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Anatomy of an Illness

Norman Cousins is senior lecturer at the School of Medicine, University of California at Los Angeles, and consulting editor of Man and Medicine which is published at the College of Physicians and Surgeons, Columbia University.For almost all of his professional life, Norman Cousins has been affiliated with Saturday Review.He became its editor in 1940, a position he held for more than thirty years.He is presently its editorial chairman.Mr. Cousins is the author of eleven books, including Dr. Schweitzer of Lambarene, The Celebration of Life, Present Tense, In Place of Folly, The good Inheritance, and Modern Man Is Obsolete.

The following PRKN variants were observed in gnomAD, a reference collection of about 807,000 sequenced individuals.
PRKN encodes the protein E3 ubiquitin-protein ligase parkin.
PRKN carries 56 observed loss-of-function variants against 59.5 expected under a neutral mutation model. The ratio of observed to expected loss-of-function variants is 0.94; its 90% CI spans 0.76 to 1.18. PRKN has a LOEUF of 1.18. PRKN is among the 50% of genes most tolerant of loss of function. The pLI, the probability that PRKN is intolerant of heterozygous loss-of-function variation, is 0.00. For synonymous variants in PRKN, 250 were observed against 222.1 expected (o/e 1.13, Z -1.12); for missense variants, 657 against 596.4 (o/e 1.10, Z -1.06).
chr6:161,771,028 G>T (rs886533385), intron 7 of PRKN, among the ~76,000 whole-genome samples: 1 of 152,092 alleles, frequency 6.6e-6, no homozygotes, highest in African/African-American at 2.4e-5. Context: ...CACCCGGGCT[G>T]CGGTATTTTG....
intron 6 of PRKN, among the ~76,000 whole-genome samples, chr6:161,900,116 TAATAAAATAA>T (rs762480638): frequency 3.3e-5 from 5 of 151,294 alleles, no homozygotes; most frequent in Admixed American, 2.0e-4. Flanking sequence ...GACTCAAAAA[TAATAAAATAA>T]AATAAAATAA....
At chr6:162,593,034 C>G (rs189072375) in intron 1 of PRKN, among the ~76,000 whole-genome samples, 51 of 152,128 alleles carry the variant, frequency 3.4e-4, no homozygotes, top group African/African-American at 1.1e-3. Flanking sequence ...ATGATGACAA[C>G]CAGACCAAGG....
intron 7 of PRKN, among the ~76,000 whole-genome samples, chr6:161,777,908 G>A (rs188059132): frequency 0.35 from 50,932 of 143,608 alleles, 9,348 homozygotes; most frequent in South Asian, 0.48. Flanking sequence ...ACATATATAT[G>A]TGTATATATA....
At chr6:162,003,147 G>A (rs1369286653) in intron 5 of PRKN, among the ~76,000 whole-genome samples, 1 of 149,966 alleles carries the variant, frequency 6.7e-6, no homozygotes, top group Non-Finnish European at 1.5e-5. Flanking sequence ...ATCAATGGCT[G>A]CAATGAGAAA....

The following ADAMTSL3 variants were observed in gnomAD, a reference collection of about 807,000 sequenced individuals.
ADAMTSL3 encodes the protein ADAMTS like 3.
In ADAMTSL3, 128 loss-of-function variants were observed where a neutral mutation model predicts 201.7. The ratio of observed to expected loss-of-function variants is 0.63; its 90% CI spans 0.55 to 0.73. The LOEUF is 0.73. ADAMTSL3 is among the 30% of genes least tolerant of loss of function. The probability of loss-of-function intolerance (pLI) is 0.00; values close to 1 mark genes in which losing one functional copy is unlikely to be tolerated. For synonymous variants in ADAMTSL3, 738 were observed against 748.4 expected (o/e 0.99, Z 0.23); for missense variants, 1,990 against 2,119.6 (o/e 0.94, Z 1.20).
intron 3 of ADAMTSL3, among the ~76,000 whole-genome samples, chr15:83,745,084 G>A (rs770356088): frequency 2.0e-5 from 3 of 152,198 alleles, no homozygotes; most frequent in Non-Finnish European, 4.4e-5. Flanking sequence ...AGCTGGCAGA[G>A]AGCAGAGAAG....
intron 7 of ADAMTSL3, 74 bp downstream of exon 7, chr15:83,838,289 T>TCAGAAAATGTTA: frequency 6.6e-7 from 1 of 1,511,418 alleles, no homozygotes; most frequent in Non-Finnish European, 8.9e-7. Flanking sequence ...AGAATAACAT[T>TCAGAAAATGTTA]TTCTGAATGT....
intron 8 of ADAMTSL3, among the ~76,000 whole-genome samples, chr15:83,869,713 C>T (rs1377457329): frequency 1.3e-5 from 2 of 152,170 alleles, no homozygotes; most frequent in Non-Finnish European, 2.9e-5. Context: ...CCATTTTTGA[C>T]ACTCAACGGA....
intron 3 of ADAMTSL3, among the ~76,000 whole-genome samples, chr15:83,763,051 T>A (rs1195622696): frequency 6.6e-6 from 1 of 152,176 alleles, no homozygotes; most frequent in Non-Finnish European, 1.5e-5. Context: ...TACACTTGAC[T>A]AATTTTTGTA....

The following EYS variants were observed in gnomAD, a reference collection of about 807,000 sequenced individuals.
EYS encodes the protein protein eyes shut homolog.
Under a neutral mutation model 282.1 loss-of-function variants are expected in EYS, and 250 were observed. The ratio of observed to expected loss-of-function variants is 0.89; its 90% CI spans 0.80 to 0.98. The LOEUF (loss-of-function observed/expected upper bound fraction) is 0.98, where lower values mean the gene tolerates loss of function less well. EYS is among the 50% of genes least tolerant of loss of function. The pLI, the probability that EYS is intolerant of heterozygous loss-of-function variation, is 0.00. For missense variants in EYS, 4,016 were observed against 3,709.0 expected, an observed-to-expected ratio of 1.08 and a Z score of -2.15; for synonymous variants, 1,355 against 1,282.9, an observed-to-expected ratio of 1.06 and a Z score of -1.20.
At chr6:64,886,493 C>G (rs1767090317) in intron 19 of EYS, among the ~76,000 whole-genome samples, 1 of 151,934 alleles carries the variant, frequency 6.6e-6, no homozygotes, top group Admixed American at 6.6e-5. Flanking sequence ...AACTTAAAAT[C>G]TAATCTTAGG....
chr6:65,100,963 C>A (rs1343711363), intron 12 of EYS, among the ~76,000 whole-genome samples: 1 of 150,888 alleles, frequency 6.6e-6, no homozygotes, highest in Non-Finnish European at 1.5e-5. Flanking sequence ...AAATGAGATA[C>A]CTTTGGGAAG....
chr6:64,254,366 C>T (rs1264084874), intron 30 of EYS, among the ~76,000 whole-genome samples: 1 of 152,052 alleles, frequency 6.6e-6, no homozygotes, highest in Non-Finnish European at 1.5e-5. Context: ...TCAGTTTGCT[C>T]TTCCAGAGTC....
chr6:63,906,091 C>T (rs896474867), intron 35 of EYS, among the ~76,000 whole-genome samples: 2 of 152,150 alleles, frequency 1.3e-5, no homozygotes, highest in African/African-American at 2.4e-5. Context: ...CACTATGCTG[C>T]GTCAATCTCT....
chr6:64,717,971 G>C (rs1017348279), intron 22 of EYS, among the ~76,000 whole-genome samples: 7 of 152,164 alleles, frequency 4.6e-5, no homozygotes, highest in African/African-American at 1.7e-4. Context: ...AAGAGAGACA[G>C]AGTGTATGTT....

Anatomy of an Illness is written in light of a serious illness a patient was diagnosed with.Through trust, hope, humor and many months of treatment the patient was cured.It is a piece published to share the gruesome and enlightening points of the doctor/ patient relationship the two main characters obtained.The author offers the idea of placebo healing as opposed to the prescription method, which he believes is overrated.The book is used in over two dozen medical schools for instructional purposes, not to mention being republished in fourteen separate countries.Undoubtedly, Anatomy of an Illness is an irreplaceable book.
Norman Cousin?s main points include:
„h Laughter is the most powerful medicine.
„h ?§Placebos,? Dr. Shapiro has written in the American Journal of Psychotherapy, ?§can have profound effects on organic illness, including incurable malignancies.?
„h Current scientific research in the physiological benefits of laughter may not be abundant but is significant, nonetheless.
„h The body responds naturally to laughter and creativity, seeing it as a ?§want to live? way of life, and therefore working undividedly to fight the illness.
„h The best way to eliminate pain is to

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